In this area you will be able to:
- Propose, vote on, and discuss research ideas
- View current studies
- View published research
Here, you can submit a research idea to the community, cast your votes, and discuss research ideas proposed by other members. Please make your research question as specific as possible. Other members will vote on your research idea, and we will prioritize research ideas with the most votes.
You are allowed to vote for your own proposed research idea if you want. However, you can only vote for a total of five research ideas. If you have already cast your five votes and an idea you like even more is proposed, you can change your votes at any time to reflect your current preferences.
The research team will review all submitted ideas and provide a response to you and to the community. If your idea leads to an IBD Partners Study, you will have the opportunity to serve as a patient collaborator on the research team for that study.
We encourage you to prioritize the ideas that are most important to you, even if the research team determines that your idea is not a good fit for IBD Partners. We will share ideas labeled “Not a Good Fit” with researchers outside of our network when appropriate. We want to make sure all of your votes count!
Thanks for your participation in this important platform to help the IBD research community understand what research questions are important to patients. We are passionate about finding answers to your questions!
What is the long term effectiveness of bowel resection as a treatment? What % of people are in remission at intervals of decades following surgery? What factors lead to longer periods of remission?
I have the experience of a surgery in about 1972 and continue to be in remission. Knowing more about why some surgery is sucessful like this seems like it would help inform treatment choices.
Do those who have had surgery find their quality of life better with the ostomy or by stooling through the pouch?
I have a recent diagnosis of Ulcerative Colitis and think that I will need to have surgery in the near future.
It took 16 years to verify my Cohn's, from age 13-29 years. Had all sorts of tests and was treated like I was crazy. Spent a month in treatment due to anorexia because eating was so painful. Diagnosed by having exploratory surgery. Because of that I had malnutrition, lost all my teeth and suffered way too long.
I believe there must be something - ala 'post polio syndrome'. There are no explanations (or treatment, except for partial symptom relief) for what is happening to me. I believe there must be some connection, likely through auto-immune issues, perhaps related to the bowel surgery I had - which supposedly 'cured' me. I cannot be the only survivor experiencing these things.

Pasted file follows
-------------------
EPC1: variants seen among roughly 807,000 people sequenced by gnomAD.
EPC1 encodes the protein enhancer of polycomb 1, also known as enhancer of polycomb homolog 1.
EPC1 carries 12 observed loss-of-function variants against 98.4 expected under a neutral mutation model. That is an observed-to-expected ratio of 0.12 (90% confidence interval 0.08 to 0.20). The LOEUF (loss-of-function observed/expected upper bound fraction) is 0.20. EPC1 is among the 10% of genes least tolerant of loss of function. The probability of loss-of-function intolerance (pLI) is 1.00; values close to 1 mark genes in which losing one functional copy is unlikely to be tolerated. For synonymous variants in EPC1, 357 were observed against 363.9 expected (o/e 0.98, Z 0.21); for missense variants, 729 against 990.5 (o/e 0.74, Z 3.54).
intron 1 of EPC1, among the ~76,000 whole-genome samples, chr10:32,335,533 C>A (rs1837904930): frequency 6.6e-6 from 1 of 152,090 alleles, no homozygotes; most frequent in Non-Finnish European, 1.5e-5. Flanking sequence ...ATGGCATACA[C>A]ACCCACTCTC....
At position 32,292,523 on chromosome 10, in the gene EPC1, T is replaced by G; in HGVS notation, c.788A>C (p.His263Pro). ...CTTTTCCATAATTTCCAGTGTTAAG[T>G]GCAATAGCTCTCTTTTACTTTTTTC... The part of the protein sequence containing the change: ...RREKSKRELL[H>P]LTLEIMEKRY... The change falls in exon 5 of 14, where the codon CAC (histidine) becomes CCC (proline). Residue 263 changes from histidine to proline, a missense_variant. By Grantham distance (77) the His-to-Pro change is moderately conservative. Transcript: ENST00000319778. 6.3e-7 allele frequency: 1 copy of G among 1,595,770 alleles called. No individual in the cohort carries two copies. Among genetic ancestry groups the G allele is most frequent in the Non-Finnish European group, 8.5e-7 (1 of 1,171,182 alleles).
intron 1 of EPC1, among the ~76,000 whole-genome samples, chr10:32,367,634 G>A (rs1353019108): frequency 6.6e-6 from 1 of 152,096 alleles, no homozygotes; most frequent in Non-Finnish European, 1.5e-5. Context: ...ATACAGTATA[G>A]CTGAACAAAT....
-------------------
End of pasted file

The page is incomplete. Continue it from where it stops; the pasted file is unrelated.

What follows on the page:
How likely is being put on Remicade for Crohn's Disease going to stop the recurrence of fistula's and abscesses to prevent having to have surgeries?
I have had four abscesses removed via surgery thus far and one fistula removed. However, another fistula has been found via a recent ultra sound I had done which I was told most likely will need to be treated with another surgery.
Given the increased interest and implications for altered gut microbiome in IBD, I think it is important that investigations into how surgical treatments affect the new digestive structures. Looking comparatively at pre-surgery microbiomes and post-surgery microbiomes may give insights into how to most effectively treat UC, should the mechanisms that cause the disease still act in the absence of a colon.
What is the success of remission for people* who have surgery, or resection, versus those who are treated by medications only? (*Note: people who qualify for surgery)
I heard from a parent of a teen with IBD that the doctor wanted to avoid surgery. I have been in remission for years after I had a resection.
What percentage of patients fecal caloprotectin levels do not correlate (well or at all!) with colonoscopy results and for those patients, are there common factors that can be described.
For some patients like myself, fecal caloprotectin levels have been either borderline or normal since my surgery, but on colonoscopy active inflammation is seen (ulcers, erythema) at anastomosis or terminal ileum. It would be good to understand if there are some patients for whom this marker can't really be used to assess for recurrence of disease.
The use of a specialized technique in Physical therapy developed by Clear Passages to alleviate intestinal obstructions to prevent surgery and mediate obstruction symptoms.
I have used this therapy to alleviate symptoms of intestinal obstruction and alleviate symptoms associated with blockages. It has prevented me from having surgery twice now. I have had two surgeries in the past and the adhesions plus active crohn's predispose me to intestinal blockage and obstruction.
J-pouch surgery, as a final effort to mitigate UC symptoms, can be life-changing. However, it seems that little information is available describing the long-term outlook for patients who have had the procedure. With an increase in IBD diagnoses in children, it is safe to assume that rates of J-pouch surgeries in children will also increase. A longitudinal study following J-pouch patients for several years following their surgeries should be conducted to highlight any common complications or symptoms that appear over the course of time. This research would be especially significant for better advising younger patients and their caregivers.
High Patient Activation Is Associated With Remission in Patients With Inflammatory Bowel Disease
Patient-Reported Outcomes and Quality of Life in Patients with Ileal Pouch-Anal Anastomosis (IPAA)